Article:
Google Places 101 – A Guide for Local Businesses/
December 20, 2011
Local businesses have long doubted the possibility, if not the potential, of ranking favorably for geo-modified keyword phrases in the organic search results. In markets where competition is stiff and ahead of the curve, spending thousands of dollars for results that are anything less than guaranteed is reasonably unjustifiable. Likewise, PPC costs in these markets can be through the roof, costing small businesses upwards of $10-15 a click – a rate that bodes well for too few industries. While websites that are well optimized for conversions can turn these high-cost clicks into profit, it is often difficult for small businesses to stomach the costs of redesign and analytics that it takes to mold such sites. All things considered, it can be a trying, expensive endeavor for a small business to gain traction in the paid or traditional organic search results.
Enter Google Places, Google’s online local directory – an avenue through which all local business owners can (and should) pursue organic traffic for their websites. Know a local business owner? Own a business yourself? Great! The following post will walk you through the steps of setting up your Google Places listing, complete with tips for optimizing your listing for Google’s local search results. If you’re already familiar with the setup (and curious about the optimization exclusively), you’re welcome to skip ahead to Step 3.
1. Create a Google account for your local business/website.
Believe it or not, this is one of the most important steps in the process. Not only does your Google account enable you to claim your listing, but it also is the account that you’ll need to access if you wish to make any changes/updates to your Places page. Whether you’re the business owner or not, I recommend creating an account that’s specific to your business, rather than using a personal account. If the responsibilities of maintaining the listing or the business itself should ever change hands, you’ll not want to grant the new employee or owner access to your personal account. Trust aside, it’s just not something that’s preferable – for managerial, organizational, and personal reasons. Keep the login simple – something that’s easy to remember, but also sufficiently secure. I’d go with email@example.com. That’s simplicity! Also, when creating your account, you have the option to specify an “other email address.” Be sure to specify an address that uses your businesses domain name, for example firstname.lastname@example.org. This is one more signal that helps Google trust the information you’ll provide in the following steps.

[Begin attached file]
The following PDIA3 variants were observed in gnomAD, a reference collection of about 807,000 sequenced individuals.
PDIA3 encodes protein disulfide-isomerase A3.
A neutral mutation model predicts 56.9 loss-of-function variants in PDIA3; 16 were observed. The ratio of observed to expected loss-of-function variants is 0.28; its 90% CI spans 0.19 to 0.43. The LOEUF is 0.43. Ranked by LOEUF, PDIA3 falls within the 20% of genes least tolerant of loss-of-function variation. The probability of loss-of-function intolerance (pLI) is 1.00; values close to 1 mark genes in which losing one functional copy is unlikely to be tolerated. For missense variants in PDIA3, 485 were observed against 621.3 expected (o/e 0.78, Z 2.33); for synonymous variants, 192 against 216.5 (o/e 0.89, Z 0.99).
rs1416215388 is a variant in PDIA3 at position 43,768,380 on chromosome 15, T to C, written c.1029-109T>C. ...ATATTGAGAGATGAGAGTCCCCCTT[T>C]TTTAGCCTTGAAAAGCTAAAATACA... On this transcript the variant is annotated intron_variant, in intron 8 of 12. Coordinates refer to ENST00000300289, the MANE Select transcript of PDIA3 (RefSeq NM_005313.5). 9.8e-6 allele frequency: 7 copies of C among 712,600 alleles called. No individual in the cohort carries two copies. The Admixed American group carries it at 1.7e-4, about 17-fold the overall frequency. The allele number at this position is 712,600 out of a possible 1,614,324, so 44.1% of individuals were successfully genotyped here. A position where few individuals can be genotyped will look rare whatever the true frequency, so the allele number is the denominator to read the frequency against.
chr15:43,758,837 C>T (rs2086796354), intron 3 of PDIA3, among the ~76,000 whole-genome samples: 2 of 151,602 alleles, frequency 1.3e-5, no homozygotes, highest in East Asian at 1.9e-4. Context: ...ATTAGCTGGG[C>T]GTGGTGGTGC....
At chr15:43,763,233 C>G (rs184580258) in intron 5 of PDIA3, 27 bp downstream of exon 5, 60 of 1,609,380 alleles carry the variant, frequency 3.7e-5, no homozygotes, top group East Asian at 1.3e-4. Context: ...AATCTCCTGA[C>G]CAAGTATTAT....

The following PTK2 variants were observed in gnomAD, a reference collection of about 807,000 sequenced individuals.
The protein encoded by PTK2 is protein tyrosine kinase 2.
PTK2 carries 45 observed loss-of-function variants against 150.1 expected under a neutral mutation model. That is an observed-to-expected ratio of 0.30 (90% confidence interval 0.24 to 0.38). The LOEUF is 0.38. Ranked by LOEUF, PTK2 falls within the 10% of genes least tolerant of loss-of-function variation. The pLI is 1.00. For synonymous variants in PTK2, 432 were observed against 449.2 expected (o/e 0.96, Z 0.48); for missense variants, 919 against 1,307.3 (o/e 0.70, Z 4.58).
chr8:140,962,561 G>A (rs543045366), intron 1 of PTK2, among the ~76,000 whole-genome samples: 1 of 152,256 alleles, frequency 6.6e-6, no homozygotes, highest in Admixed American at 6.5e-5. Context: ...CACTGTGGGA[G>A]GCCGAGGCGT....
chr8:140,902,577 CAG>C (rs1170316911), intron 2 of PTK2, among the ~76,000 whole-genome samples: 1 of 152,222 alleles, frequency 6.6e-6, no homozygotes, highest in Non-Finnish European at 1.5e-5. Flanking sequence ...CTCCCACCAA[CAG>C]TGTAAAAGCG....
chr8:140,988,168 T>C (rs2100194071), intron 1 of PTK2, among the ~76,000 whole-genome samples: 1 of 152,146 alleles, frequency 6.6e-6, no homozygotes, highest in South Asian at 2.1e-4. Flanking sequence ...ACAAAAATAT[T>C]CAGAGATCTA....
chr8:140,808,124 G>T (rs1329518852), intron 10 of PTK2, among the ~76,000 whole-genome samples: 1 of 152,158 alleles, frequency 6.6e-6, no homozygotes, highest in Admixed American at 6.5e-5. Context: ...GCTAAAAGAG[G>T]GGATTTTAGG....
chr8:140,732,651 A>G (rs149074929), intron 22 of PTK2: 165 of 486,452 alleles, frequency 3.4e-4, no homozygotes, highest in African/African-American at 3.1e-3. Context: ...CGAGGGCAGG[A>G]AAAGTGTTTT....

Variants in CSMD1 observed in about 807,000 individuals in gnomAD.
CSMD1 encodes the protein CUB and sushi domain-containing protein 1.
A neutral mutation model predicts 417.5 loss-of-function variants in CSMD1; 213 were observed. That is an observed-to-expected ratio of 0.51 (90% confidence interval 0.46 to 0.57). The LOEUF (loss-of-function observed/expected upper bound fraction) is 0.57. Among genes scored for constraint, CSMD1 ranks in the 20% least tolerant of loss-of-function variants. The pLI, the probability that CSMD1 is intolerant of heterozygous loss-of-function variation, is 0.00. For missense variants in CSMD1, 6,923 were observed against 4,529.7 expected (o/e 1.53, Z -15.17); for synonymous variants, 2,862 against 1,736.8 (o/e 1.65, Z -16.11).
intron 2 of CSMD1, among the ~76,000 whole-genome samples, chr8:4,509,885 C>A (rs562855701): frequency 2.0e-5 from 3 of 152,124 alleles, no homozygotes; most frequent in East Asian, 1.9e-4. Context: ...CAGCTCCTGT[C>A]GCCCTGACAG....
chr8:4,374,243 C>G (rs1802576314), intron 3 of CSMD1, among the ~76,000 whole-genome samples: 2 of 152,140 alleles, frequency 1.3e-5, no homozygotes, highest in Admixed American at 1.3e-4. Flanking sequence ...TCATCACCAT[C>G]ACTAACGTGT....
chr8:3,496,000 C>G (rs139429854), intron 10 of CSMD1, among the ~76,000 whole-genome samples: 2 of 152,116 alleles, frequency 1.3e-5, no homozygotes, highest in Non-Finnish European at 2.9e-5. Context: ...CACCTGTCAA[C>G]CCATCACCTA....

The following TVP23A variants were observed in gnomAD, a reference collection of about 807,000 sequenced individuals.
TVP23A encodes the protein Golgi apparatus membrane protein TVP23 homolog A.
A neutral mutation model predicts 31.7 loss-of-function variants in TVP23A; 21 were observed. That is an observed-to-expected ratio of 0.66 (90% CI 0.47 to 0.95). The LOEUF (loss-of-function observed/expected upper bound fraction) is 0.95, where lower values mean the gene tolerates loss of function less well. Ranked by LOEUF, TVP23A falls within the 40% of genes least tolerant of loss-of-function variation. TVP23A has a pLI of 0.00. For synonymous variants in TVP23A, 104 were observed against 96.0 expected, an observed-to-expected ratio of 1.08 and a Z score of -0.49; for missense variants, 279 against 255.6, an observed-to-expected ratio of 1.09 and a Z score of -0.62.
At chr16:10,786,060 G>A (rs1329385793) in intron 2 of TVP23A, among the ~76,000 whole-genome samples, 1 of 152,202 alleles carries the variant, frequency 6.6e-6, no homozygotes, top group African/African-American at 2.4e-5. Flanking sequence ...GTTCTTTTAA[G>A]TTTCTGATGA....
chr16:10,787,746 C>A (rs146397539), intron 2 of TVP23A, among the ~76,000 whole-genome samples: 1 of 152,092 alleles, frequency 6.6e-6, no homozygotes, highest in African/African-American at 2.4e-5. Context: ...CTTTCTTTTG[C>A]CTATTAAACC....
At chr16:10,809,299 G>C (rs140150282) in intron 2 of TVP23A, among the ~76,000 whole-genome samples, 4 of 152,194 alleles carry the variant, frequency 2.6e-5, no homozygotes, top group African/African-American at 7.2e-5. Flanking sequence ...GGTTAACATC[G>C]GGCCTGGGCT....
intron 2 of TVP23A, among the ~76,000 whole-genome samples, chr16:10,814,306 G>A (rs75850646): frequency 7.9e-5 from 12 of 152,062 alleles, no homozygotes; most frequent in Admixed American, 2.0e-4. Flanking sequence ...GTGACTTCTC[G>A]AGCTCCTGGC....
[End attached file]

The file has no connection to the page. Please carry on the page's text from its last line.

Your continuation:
2. Claim your Google Places listing.
Once you have your account set up, it’s time to claim your listing. Go to the Google Places homepage, where you’ll see two options. For our purposes, we’ll be choosing the option on the right – Claim your business listing on Google – for free.
After you click “Get started”, you may be asked to log into your account once more. Kindly oblige to this additional step towards security and continue on. If this is your first time listing a business under the new account (which it likely will be), you should be directed to a page that prompts you to search for your business by telephone number. Enter your business land line (formatted like the one below), select your country, and click “Find business information”. Be mindful that, due to its integration with Google Maps, Google Places must be provided with a land line to associate or pair with a physical address. You should not use your personal or company cell number when completing this step. I’ll explain more about this later.
If Google was unable to find your business information (which is fine), you can move onto the next step. If it does, that’s generally fine, as well. In most cases, you’ll be able to edit and claim your existing listing (which may simply consist of basic information pulled from the various sources like InfoUSA, Yellowpages, etc.). In the rare case that someone else has already claimed your listing, you can either determine who has claimed it (if, perhaps, it was claimed internally) or claim it again.
3. Edit your Google Places listing.
This is where the bulk of the work gets done. First, I’ll address how to go about editing an existing listing (should that be the case). If your business is found, you should arrive at a screen like the one below, where you’ll see your business name, land line, and physical address. To edit your listing, simply click “Edit” on the right hand side. Don’t worry about verifying anything just yet; we’ll get to that in the next step.
Alright. Now it’s time to do the legwork that will serve as the foundation for our Google Places listings. Appropriately enough, this section will be a little longer than those before it; so hold on tight. This is like that 30-minute, touristy train ride at the beginning of the National Park that all the kids want to replace with “exploration”. You can go on and explore or stick around, learn, then explore. I’ll let you be the judge of which is more beneficial. Anyways, let’s get to it. While most of the sections of the listing are pretty self explanatory, I’ll outline the two that I find to be most pertinent to our listing’s ability to rank.
In this section, you’ll fill out some of the basic information about your business, including country, company name, street address, city, zip, etc. If you have a website, this is where you’ll enter the URL. One thing to keep in mind in this section (and throughout all of your online listings) is consistency. Consistency across multiple listings and seed channels is often considered to be one of the key determinants of search engine visibility for Google Places listings.